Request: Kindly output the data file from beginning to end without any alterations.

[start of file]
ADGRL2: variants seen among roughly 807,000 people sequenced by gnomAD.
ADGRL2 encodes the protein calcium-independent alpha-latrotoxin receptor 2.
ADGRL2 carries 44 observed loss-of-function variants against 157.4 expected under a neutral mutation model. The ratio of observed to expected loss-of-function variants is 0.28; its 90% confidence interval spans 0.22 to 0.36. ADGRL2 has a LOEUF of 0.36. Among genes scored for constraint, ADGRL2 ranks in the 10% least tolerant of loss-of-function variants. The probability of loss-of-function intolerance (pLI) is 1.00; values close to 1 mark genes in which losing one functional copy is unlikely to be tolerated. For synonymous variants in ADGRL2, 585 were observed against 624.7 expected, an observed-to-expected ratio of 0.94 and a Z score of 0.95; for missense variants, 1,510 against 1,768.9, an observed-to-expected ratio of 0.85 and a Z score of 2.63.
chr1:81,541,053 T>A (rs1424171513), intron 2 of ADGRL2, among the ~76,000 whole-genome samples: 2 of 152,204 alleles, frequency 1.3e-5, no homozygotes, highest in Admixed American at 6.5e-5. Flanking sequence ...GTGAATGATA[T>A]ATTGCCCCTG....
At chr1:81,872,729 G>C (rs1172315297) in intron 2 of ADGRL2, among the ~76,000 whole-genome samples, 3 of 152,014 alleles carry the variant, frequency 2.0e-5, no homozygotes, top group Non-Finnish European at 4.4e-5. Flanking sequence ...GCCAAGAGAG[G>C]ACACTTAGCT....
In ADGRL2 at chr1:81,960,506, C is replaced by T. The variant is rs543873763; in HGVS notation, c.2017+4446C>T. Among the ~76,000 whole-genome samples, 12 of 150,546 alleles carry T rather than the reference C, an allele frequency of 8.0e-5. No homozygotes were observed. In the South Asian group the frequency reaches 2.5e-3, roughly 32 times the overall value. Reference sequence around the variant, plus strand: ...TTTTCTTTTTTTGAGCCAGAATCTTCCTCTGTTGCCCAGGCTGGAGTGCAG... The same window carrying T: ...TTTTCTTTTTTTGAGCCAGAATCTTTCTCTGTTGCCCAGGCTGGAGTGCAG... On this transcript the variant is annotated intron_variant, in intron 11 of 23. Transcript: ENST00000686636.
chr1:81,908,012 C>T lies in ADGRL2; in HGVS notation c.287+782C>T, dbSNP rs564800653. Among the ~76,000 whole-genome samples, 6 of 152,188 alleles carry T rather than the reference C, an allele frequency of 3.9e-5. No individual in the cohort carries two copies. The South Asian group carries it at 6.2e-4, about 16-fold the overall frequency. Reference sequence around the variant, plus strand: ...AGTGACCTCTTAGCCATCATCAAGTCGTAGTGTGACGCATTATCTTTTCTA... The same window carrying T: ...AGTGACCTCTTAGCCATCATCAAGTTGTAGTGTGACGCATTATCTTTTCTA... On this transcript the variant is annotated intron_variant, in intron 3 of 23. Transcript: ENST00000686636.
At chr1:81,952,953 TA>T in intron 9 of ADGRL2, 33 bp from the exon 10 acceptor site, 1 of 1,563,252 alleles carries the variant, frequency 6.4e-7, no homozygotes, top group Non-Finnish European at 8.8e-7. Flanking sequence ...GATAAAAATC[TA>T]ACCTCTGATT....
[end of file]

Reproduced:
ADGRL2: variants seen among roughly 807,000 people sequenced by gnomAD.
ADGRL2 encodes the protein calcium-independent alpha-latrotoxin receptor 2.
ADGRL2 carries 44 observed loss-of-function variants against 157.4 expected under a neutral mutation model. The ratio of observed to expected loss-of-function variants is 0.28; its 90% confidence interval spans 0.22 to 0.36. ADGRL2 has a LOEUF of 0.36. Among genes scored for constraint, ADGRL2 ranks in the 10% least tolerant of loss-of-function variants. The probability of loss-of-function intolerance (pLI) is 1.00; values close to 1 mark genes in which losing one functional copy is unlikely to be tolerated. For synonymous variants in ADGRL2, 585 were observed against 624.7 expected, an observed-to-expected ratio of 0.94 and a Z score of 0.95; for missense variants, 1,510 against 1,768.9, an observed-to-expected ratio of 0.85 and a Z score of 2.63.
chr1:81,541,053 T>A (rs1424171513), intron 2 of ADGRL2, among the ~76,000 whole-genome samples: 2 of 152,204 alleles, frequency 1.3e-5, no homozygotes, highest in Admixed American at 6.5e-5. Flanking sequence ...GTGAATGATA[T>A]ATTGCCCCTG....
At chr1:81,872,729 G>C (rs1172315297) in intron 2 of ADGRL2, among the ~76,000 whole-genome samples, 3 of 152,014 alleles carry the variant, frequency 2.0e-5, no homozygotes, top group Non-Finnish European at 4.4e-5. Flanking sequence ...GCCAAGAGAG[G>C]ACACTTAGCT....
In ADGRL2 at chr1:81,960,506, C is replaced by T. The variant is rs543873763; in HGVS notation, c.2017+4446C>T. Among the ~76,000 whole-genome samples, 12 of 150,546 alleles carry T rather than the reference C, an allele frequency of 8.0e-5. No homozygotes were observed. In the South Asian group the frequency reaches 2.5e-3, roughly 32 times the overall value. Reference sequence around the variant, plus strand: ...TTTTCTTTTTTTGAGCCAGAATCTTCCTCTGTTGCCCAGGCTGGAGTGCAG... The same window carrying T: ...TTTTCTTTTTTTGAGCCAGAATCTTTCTCTGTTGCCCAGGCTGGAGTGCAG... On this transcript the variant is annotated intron_variant, in intron 11 of 23. Transcript: ENST00000686636.
chr1:81,908,012 C>T lies in ADGRL2; in HGVS notation c.287+782C>T, dbSNP rs564800653. Among the ~76,000 whole-genome samples, 6 of 152,188 alleles carry T rather than the reference C, an allele frequency of 3.9e-5. No individual in the cohort carries two copies. The South Asian group carries it at 6.2e-4, about 16-fold the overall frequency. Reference sequence around the variant, plus strand: ...AGTGACCTCTTAGCCATCATCAAGTCGTAGTGTGACGCATTATCTTTTCTA... The same window carrying T: ...AGTGACCTCTTAGCCATCATCAAGTTGTAGTGTGACGCATTATCTTTTCTA... On this transcript the variant is annotated intron_variant, in intron 3 of 23. Transcript: ENST00000686636.
At chr1:81,952,953 TA>T in intron 9 of ADGRL2, 33 bp from the exon 10 acceptor site, 1 of 1,563,252 alleles carries the variant, frequency 6.4e-7, no homozygotes, top group Non-Finnish European at 8.8e-7. Flanking sequence ...GATAAAAATC[TA>T]ACCTCTGATT....